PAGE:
Invasion of the Art Advisors

“While there are some major European exceptions consulting and advising remains a ­distinctly American phenomenon. “Americans take great pride in seeing psychoanalysts, and they likewise have no problem having someone else find their art for them,”” […]

Also, European collectors tend to be much more self-assured in their taste—they have less of a need for outside validation.” That holds especially true in Germany, where even major ­collectors are expected to do their own reconnaissance work. “German ­collectors want to be seen as friends of the artists, participating in the intellectual and creative ­process,” notes Berlin dealer Max Hetzler. “They want to be seen as art saints, not as treating their collecting like a ­business.[…]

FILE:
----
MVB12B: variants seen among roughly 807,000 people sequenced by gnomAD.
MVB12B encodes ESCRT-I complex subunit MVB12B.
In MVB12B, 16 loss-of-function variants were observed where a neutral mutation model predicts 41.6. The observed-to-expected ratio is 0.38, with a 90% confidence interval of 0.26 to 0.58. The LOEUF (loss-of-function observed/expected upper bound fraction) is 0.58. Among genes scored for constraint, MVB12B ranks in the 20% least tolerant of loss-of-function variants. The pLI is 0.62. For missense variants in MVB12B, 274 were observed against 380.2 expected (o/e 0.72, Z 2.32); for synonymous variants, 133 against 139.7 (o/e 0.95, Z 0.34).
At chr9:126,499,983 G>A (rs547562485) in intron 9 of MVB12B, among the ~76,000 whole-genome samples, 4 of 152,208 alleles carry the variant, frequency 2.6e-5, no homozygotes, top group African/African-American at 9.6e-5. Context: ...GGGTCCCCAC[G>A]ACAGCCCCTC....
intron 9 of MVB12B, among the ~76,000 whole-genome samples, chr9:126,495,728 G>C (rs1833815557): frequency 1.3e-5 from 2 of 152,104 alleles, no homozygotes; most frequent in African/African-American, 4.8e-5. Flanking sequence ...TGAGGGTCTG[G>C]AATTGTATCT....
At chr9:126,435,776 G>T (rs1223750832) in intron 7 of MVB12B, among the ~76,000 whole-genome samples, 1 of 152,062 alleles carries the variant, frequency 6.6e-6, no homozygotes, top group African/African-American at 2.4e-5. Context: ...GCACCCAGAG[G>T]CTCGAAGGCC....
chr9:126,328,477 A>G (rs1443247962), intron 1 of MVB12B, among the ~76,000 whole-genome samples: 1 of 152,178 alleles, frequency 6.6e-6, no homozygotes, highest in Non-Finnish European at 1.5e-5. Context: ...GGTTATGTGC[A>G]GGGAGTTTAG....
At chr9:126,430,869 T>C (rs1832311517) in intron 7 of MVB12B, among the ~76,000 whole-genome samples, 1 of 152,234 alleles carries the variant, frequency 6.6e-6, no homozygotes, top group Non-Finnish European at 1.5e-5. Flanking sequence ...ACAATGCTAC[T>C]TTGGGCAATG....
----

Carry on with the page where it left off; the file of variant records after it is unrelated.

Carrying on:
The real motivation for people hiring art advisors is fear—fear of overpaying and fear of buying bad art. […]

That said, more young people are setting out to become full-time professional advisors than ever before. For those without financial backing from a parent or spouse, it offers a career in the art world that has a remarkably low barrier to entry: All you need is a cellphone, an email account, and $50 worth of business cards.”

theartnewspaper.com/article01.asp?id=640

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